It is clear that the coronavirus is still a danger as the pandemic continues to spread and cases spike around the nation and in our own county. As an advocacy and research organization, the Urban Appalachian Community Coalition takes a particular interest in how the coronavirus impacts the Appalachian communities in the greater Cincinnati area. The most recent research on the ways coronavirus is currently emerging around the area shows us that the Appalachian communities are at risk.

The Cincinnati Health Department began tracking coronavirus in greater Cincinnati on March 23 of this year. As of June 1, there have been 1,129 confirmed cases, 230 hospitalizations, 52 deaths, and 694 recorded recoveries. These numbers reveal alarmingly high cases on the westside of the city. West Price Hill, East Price Hill, and Westwood have experienced markedly high incidents of confirmed cases of coronavirus, and these neighborhoods are historically populated by Appalachian communities. To cite more numbers in order to see the scale of the issue, Avondale has a population of 13,967 and 47 confirmed cases or .0034 per capita.  East Price Hill has a population of 14,224 and 154 cases or a per capita occurrence of .0108. The rate of confirmed cases of coronavirus on west side of Cincinnati is dramatically higher than other than most other parts of the city.

The Research Committee, as an integral part of UACC, is paying close attention to make certain that no part of the city is left out of monitoring, testing and treatment. This kind of work is central to the mission of UACC. Combining both advocacy and research has led UACC to make some forceful changes in Cincinnati. As far back as the 1980s, for example, UACC’s predecessor the Urban Appalachian Council, took an interest in high dropout rates among urban Appalachian students. Through a combination of research on this issue and advocacy with the city and members of the business community, UAC was successful in compelling city leaders and school administrators to take notice of the high dropout rates and, more significantly, to take action. In addition to increasing retention rates, Oyler School in Lower Price Hill and Riverfront Academy on the eastside are two obvious results of the work of UAC.

The Urban Appalachian Community Coalition is bringing the same combination of research and advocacy to the impact of coronavirus on urban Appalachians and greater Cincinnati more generally. As core member Mike Maloney explained, “Two weeks ago I inquired about the number of testing sites around Cincinnati. At that time there were eight testing sites on the east side and one on the west side. Since I began asking about this, the number of test sites on the west side has increased to ten.” The UACC research committee, as Mike Maloney points out, makes it possible for advocacy work to be more effective. As Mike approached the problem of the impact of coronavirus on the westside, he was able to get some real results.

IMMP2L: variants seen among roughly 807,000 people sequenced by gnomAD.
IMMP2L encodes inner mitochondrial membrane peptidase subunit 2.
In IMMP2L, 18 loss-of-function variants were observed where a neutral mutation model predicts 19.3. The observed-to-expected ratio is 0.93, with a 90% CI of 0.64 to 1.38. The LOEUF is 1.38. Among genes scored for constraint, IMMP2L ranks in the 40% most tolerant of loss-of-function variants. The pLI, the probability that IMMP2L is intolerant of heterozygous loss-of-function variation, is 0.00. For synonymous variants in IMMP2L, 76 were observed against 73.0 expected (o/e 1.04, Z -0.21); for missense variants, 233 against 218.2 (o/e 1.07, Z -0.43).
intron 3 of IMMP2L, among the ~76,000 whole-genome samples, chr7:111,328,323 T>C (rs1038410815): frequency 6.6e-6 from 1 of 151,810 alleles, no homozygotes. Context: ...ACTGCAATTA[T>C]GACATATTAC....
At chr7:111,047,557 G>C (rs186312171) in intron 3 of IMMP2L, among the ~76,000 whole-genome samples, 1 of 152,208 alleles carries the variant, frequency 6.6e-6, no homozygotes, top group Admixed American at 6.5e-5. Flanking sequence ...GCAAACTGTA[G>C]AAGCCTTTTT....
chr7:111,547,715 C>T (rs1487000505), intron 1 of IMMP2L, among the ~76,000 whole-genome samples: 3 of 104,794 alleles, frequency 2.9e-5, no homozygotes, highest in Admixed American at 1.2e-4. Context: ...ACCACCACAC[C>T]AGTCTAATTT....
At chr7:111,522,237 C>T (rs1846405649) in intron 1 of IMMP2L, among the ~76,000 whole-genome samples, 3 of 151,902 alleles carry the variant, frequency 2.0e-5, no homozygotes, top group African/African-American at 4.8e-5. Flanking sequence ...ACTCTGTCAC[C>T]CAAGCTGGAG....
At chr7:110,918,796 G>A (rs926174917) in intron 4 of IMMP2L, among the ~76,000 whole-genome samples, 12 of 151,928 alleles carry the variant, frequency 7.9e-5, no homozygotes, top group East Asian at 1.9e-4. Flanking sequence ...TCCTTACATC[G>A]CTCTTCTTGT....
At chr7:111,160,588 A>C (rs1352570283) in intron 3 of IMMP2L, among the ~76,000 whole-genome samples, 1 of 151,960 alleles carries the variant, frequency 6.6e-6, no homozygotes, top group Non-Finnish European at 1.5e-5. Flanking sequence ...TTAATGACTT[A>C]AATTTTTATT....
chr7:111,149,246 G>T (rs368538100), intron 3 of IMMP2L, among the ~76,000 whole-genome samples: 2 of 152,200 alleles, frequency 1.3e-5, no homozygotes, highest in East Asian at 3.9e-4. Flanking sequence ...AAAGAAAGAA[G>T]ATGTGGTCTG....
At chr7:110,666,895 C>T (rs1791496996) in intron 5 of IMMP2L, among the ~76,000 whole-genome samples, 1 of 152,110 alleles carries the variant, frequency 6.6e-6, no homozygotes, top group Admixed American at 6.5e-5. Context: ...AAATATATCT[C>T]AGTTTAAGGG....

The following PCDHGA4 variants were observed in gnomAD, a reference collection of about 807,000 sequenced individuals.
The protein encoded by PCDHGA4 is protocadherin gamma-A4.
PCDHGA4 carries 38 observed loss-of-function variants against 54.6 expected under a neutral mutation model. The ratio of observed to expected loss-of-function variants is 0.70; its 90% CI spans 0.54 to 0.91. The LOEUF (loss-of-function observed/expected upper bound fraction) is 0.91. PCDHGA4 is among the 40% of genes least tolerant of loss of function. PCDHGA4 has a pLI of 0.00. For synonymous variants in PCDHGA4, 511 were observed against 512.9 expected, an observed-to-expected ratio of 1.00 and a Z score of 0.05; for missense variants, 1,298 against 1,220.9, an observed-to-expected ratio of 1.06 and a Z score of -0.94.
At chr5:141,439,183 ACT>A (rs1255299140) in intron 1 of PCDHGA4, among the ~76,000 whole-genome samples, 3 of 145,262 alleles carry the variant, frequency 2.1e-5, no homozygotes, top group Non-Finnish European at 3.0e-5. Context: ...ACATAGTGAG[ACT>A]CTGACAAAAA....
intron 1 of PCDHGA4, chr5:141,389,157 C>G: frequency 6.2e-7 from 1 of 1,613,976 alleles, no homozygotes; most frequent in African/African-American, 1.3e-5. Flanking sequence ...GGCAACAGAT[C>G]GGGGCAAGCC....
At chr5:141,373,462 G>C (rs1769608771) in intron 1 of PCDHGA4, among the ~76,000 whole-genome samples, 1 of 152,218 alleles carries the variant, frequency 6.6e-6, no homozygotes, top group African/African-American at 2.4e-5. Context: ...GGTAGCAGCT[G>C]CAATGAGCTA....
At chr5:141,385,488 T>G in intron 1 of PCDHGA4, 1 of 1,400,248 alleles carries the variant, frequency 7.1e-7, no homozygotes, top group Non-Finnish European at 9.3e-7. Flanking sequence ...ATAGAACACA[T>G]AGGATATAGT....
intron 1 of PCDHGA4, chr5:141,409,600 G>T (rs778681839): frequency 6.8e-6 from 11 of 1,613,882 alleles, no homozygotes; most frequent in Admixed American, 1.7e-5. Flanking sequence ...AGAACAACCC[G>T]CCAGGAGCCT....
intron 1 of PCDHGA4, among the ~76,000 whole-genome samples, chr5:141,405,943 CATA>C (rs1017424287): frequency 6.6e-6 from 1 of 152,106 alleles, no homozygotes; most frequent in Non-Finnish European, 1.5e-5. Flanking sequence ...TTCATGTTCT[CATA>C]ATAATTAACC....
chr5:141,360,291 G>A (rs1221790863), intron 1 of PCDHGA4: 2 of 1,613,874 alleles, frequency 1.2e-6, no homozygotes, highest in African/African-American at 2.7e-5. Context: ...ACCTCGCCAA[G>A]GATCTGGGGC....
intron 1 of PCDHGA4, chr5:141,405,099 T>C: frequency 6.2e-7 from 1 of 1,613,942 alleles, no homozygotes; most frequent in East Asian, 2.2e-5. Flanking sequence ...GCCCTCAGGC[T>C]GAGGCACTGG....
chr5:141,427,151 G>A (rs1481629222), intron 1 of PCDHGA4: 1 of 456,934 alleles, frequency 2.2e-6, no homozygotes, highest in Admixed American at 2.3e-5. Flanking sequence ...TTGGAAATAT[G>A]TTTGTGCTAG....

UACC is always aware of the fact that the urban Appalachian community is situated within all the communities that make up greater Cincinnati. By paying attention to the research on coronavirus and how it is impacting the city, UACC can bring benefits to all concerned, not just Appalachians. Urban Appalachians are embedded in neighborhoods that include the full range of people who make up Cincinnati, and our efforts often involve working directly with other advocacy organizations toward maximum benefits for all concerned.

Mike Maloney told me that the state of Ohio is providing resources and funding for outreach workers to attend to areas that are particularly hard-hit by coronavirus. Mike Maloney, and other members of UACC, are working to ensure that at least one of these outreach workers is assigned to the Appalachian Community. The attention UACC pays to these kinds of efforts will ultimately benefit everyone, especially our at-risk low-income and working class communities.

The Centers for Disease Control and Prevention provide guidelines on how to protect yourself and how to slow the spread of coronavirus at A map of Hamilton County testing sites can be found here:

In addition to Mike Maloney’s research, Dr. Ashley Hopkins, chair of the UACC Research Committee, is part of the planning of a rural and urban Appalachian research project being proposed by the UC-based Appalachian Translational Research Network (ATRN), a regional network of university health experts. If funded, the project will include Cincinnati. The Urban Appalachian Community Coalition is working to further the research, through the UACC Research Committee, and to advocate on behalf of the urban Appalachian community. These efforts are to provide the best prevention and testing options as coronavirus continues to pose a threat to the health of the city of Cincinnati and around the nation.

Mike Templeton is a writer, independent scholar, barista, cook, guitar player, and accidental jack-of-all-trades. He lives in downtown Cincinnati with his wife who is a talented photographer. They spend their free time walking around the city snapping photos. She looks up at that the grandeur of the city, while Mike always seems to be staring at the ground.

Leave a Reply

Your email address will not be published. Required fields are marked *